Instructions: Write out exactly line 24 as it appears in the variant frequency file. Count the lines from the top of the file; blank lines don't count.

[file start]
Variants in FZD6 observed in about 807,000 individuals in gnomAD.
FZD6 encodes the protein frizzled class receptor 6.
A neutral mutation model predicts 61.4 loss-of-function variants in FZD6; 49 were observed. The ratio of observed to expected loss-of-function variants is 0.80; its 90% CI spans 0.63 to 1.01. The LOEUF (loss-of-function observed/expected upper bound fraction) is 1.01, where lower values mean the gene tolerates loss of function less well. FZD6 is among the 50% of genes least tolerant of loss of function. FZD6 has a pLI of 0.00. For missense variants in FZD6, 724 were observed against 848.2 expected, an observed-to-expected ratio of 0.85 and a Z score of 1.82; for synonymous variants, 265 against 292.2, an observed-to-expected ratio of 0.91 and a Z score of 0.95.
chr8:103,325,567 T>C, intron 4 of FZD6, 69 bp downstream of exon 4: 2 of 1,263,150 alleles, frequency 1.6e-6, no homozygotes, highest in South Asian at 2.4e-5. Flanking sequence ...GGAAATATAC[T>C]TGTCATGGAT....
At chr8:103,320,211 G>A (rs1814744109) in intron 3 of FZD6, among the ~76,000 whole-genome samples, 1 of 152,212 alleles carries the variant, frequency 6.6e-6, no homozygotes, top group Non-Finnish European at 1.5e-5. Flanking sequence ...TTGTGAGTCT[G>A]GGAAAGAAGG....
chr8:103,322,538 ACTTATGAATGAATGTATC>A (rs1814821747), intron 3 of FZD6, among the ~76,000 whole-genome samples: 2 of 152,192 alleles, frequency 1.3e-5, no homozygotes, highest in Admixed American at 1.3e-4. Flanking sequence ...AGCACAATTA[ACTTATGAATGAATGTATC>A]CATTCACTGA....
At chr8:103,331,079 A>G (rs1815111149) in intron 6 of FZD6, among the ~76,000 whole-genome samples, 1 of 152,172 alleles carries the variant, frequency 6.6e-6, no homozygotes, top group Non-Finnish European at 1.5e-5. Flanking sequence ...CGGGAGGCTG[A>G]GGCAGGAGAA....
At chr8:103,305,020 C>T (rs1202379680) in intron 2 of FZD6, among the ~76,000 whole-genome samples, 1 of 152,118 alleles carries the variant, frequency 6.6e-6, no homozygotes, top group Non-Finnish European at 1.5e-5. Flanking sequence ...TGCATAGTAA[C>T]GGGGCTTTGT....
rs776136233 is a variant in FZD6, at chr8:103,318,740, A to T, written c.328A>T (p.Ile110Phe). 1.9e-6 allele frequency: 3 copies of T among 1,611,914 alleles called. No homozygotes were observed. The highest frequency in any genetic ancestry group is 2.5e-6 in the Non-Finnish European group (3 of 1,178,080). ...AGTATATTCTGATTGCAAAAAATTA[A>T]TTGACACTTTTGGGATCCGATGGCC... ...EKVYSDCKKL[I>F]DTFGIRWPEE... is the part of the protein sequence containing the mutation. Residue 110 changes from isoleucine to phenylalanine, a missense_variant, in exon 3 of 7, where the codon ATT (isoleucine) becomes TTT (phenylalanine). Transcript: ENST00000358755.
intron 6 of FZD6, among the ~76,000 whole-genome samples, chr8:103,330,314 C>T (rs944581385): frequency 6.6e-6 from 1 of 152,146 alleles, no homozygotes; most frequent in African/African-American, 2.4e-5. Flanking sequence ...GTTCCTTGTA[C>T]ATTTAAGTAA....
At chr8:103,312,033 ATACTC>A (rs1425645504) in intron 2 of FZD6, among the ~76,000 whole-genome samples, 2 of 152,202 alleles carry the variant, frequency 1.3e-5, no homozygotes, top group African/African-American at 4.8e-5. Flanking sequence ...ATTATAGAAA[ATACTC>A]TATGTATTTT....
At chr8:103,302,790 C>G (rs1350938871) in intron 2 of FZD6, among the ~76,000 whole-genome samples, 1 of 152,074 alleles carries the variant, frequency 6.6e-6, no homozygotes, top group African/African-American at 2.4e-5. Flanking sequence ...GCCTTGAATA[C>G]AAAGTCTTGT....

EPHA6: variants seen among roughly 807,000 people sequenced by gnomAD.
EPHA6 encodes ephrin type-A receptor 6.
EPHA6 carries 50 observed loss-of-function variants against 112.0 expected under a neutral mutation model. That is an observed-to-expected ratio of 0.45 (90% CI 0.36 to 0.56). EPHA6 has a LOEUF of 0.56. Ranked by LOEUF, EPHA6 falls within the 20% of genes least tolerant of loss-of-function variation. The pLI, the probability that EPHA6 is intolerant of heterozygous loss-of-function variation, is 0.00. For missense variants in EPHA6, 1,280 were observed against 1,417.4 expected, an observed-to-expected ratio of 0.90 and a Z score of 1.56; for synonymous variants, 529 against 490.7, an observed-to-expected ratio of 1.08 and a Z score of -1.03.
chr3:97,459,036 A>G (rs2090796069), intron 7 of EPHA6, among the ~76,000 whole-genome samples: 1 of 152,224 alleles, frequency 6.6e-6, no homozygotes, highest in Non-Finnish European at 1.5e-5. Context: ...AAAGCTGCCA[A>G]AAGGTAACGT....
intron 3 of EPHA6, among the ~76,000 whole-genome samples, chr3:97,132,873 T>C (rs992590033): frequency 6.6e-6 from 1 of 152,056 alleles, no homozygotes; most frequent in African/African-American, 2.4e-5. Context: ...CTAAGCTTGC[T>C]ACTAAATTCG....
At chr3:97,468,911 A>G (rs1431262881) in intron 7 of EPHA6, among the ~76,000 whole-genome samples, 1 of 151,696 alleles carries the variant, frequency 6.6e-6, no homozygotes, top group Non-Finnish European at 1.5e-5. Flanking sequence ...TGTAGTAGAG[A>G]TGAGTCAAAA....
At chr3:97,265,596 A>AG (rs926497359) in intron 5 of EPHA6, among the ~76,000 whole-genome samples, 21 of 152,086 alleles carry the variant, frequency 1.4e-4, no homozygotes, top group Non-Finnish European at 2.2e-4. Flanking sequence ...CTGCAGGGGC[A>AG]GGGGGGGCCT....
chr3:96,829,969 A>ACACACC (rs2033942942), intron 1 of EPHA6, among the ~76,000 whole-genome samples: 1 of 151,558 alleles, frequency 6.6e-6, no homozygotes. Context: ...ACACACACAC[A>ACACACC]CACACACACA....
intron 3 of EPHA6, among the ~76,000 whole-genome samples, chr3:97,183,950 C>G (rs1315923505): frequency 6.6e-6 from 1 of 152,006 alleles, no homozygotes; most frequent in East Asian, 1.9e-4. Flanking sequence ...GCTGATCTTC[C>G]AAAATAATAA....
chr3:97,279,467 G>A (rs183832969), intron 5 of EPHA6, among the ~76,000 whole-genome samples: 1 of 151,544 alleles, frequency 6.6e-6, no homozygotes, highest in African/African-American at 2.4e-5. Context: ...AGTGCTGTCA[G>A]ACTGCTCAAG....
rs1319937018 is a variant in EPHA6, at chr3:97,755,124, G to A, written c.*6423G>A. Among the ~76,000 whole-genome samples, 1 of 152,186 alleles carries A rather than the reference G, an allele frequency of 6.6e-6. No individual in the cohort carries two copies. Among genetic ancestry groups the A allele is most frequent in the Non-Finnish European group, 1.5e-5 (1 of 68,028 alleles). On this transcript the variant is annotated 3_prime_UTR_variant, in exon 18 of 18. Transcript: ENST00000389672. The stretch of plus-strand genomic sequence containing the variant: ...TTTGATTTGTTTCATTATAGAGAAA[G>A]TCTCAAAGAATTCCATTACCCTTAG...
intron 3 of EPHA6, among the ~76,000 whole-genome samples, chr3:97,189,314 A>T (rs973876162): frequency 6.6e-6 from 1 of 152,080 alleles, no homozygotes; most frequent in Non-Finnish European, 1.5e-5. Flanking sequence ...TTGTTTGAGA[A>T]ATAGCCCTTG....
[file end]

intron 3 of EPHA6, among the ~76,000 whole-genome samples, chr3:97,189,314 A>T (rs973876162): frequency 6.6e-6 from 1 of 152,080 alleles, no homozygotes; most frequent in Non-Finnish European, 1.5e-5. Flanking sequence ...TTGTTTGAGA[A>T]ATAGCCCTTG....